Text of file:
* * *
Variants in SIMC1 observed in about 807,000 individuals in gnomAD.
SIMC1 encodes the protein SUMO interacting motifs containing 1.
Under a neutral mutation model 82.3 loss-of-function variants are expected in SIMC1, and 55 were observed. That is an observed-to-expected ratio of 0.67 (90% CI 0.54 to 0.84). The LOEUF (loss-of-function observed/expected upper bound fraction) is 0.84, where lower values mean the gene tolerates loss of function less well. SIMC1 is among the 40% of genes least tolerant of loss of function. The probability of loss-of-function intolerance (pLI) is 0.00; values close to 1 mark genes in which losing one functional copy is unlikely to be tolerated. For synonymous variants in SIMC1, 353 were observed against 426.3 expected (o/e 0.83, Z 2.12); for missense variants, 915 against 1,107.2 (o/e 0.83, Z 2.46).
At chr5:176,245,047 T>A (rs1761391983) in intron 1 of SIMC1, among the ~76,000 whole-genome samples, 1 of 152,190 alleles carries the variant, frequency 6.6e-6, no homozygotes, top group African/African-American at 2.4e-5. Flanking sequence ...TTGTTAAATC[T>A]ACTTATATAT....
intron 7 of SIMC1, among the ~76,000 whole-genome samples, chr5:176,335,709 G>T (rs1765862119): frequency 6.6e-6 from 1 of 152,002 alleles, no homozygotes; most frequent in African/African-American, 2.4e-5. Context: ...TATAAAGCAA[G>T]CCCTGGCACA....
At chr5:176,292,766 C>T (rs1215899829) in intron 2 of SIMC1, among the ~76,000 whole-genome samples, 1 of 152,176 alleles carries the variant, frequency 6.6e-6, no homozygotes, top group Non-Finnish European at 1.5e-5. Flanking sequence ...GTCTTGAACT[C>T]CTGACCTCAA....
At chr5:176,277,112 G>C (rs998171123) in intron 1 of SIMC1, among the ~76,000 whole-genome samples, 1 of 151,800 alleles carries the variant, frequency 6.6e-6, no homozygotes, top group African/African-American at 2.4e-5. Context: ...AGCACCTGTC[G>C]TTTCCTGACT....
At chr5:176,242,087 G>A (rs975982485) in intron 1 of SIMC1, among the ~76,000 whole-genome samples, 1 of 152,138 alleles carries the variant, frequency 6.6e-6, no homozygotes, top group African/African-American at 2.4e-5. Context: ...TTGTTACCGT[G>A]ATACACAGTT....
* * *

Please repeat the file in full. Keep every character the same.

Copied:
Variants in SIMC1 observed in about 807,000 individuals in gnomAD.
SIMC1 encodes the protein SUMO interacting motifs containing 1.
Under a neutral mutation model 82.3 loss-of-function variants are expected in SIMC1, and 55 were observed. That is an observed-to-expected ratio of 0.67 (90% CI 0.54 to 0.84). The LOEUF (loss-of-function observed/expected upper bound fraction) is 0.84, where lower values mean the gene tolerates loss of function less well. SIMC1 is among the 40% of genes least tolerant of loss of function. The probability of loss-of-function intolerance (pLI) is 0.00; values close to 1 mark genes in which losing one functional copy is unlikely to be tolerated. For synonymous variants in SIMC1, 353 were observed against 426.3 expected (o/e 0.83, Z 2.12); for missense variants, 915 against 1,107.2 (o/e 0.83, Z 2.46).
At chr5:176,245,047 T>A (rs1761391983) in intron 1 of SIMC1, among the ~76,000 whole-genome samples, 1 of 152,190 alleles carries the variant, frequency 6.6e-6, no homozygotes, top group African/African-American at 2.4e-5. Flanking sequence ...TTGTTAAATC[T>A]ACTTATATAT....
intron 7 of SIMC1, among the ~76,000 whole-genome samples, chr5:176,335,709 G>T (rs1765862119): frequency 6.6e-6 from 1 of 152,002 alleles, no homozygotes; most frequent in African/African-American, 2.4e-5. Context: ...TATAAAGCAA[G>T]CCCTGGCACA....
At chr5:176,292,766 C>T (rs1215899829) in intron 2 of SIMC1, among the ~76,000 whole-genome samples, 1 of 152,176 alleles carries the variant, frequency 6.6e-6, no homozygotes, top group Non-Finnish European at 1.5e-5. Flanking sequence ...GTCTTGAACT[C>T]CTGACCTCAA....
At chr5:176,277,112 G>C (rs998171123) in intron 1 of SIMC1, among the ~76,000 whole-genome samples, 1 of 151,800 alleles carries the variant, frequency 6.6e-6, no homozygotes, top group African/African-American at 2.4e-5. Context: ...AGCACCTGTC[G>C]TTTCCTGACT....
At chr5:176,242,087 G>A (rs975982485) in intron 1 of SIMC1, among the ~76,000 whole-genome samples, 1 of 152,138 alleles carries the variant, frequency 6.6e-6, no homozygotes, top group African/African-American at 2.4e-5. Context: ...TTGTTACCGT[G>A]ATACACAGTT....